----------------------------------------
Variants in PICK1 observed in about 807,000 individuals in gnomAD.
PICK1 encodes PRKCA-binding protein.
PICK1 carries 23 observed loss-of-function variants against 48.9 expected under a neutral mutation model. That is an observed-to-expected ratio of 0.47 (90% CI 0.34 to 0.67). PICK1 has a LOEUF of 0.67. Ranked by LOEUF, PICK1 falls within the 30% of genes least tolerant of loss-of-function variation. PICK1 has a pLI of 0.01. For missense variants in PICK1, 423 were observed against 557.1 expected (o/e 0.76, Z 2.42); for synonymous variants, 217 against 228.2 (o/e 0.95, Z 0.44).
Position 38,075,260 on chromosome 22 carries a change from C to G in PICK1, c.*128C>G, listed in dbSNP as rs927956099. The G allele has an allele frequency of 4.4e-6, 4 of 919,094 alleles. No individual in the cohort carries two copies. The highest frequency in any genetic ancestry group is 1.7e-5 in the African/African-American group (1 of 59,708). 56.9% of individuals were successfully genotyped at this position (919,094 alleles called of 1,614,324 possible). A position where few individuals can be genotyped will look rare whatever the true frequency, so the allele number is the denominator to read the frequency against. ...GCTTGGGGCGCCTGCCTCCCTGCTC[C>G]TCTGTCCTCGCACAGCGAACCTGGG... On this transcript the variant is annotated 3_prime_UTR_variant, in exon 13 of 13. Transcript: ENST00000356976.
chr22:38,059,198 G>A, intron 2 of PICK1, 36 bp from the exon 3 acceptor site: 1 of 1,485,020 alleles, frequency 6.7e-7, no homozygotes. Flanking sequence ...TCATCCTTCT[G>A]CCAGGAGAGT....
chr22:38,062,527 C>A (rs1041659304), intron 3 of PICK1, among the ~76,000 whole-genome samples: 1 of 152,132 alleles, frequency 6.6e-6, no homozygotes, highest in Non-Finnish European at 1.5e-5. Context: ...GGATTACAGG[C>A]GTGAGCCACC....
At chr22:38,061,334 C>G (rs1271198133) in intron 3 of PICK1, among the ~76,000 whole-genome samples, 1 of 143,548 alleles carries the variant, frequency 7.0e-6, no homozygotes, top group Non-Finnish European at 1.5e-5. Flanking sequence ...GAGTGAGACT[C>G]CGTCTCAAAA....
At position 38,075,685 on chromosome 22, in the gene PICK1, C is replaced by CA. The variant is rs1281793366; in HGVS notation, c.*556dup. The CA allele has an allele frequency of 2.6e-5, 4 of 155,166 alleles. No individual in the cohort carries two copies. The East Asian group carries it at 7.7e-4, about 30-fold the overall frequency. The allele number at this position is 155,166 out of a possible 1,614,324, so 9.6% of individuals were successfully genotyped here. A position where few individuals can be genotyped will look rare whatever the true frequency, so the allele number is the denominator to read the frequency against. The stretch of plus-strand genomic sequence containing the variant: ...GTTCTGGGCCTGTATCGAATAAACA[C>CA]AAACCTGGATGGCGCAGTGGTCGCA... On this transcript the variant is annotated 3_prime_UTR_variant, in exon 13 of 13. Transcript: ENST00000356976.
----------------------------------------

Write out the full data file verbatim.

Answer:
Variants in PICK1 observed in about 807,000 individuals in gnomAD.
PICK1 encodes PRKCA-binding protein.
PICK1 carries 23 observed loss-of-function variants against 48.9 expected under a neutral mutation model. That is an observed-to-expected ratio of 0.47 (90% CI 0.34 to 0.67). PICK1 has a LOEUF of 0.67. Ranked by LOEUF, PICK1 falls within the 30% of genes least tolerant of loss-of-function variation. PICK1 has a pLI of 0.01. For missense variants in PICK1, 423 were observed against 557.1 expected (o/e 0.76, Z 2.42); for synonymous variants, 217 against 228.2 (o/e 0.95, Z 0.44).
Position 38,075,260 on chromosome 22 carries a change from C to G in PICK1, c.*128C>G, listed in dbSNP as rs927956099. The G allele has an allele frequency of 4.4e-6, 4 of 919,094 alleles. No individual in the cohort carries two copies. The highest frequency in any genetic ancestry group is 1.7e-5 in the African/African-American group (1 of 59,708). 56.9% of individuals were successfully genotyped at this position (919,094 alleles called of 1,614,324 possible). A position where few individuals can be genotyped will look rare whatever the true frequency, so the allele number is the denominator to read the frequency against. ...GCTTGGGGCGCCTGCCTCCCTGCTC[C>G]TCTGTCCTCGCACAGCGAACCTGGG... On this transcript the variant is annotated 3_prime_UTR_variant, in exon 13 of 13. Transcript: ENST00000356976.
chr22:38,059,198 G>A, intron 2 of PICK1, 36 bp from the exon 3 acceptor site: 1 of 1,485,020 alleles, frequency 6.7e-7, no homozygotes. Flanking sequence ...TCATCCTTCT[G>A]CCAGGAGAGT....
chr22:38,062,527 C>A (rs1041659304), intron 3 of PICK1, among the ~76,000 whole-genome samples: 1 of 152,132 alleles, frequency 6.6e-6, no homozygotes, highest in Non-Finnish European at 1.5e-5. Context: ...GGATTACAGG[C>A]GTGAGCCACC....
At chr22:38,061,334 C>G (rs1271198133) in intron 3 of PICK1, among the ~76,000 whole-genome samples, 1 of 143,548 alleles carries the variant, frequency 7.0e-6, no homozygotes, top group Non-Finnish European at 1.5e-5. Flanking sequence ...GAGTGAGACT[C>G]CGTCTCAAAA....
At position 38,075,685 on chromosome 22, in the gene PICK1, C is replaced by CA. The variant is rs1281793366; in HGVS notation, c.*556dup. The CA allele has an allele frequency of 2.6e-5, 4 of 155,166 alleles. No individual in the cohort carries two copies. The East Asian group carries it at 7.7e-4, about 30-fold the overall frequency. The allele number at this position is 155,166 out of a possible 1,614,324, so 9.6% of individuals were successfully genotyped here. A position where few individuals can be genotyped will look rare whatever the true frequency, so the allele number is the denominator to read the frequency against. The stretch of plus-strand genomic sequence containing the variant: ...GTTCTGGGCCTGTATCGAATAAACA[C>CA]AAACCTGGATGGCGCAGTGGTCGCA... On this transcript the variant is annotated 3_prime_UTR_variant, in exon 13 of 13. Transcript: ENST00000356976.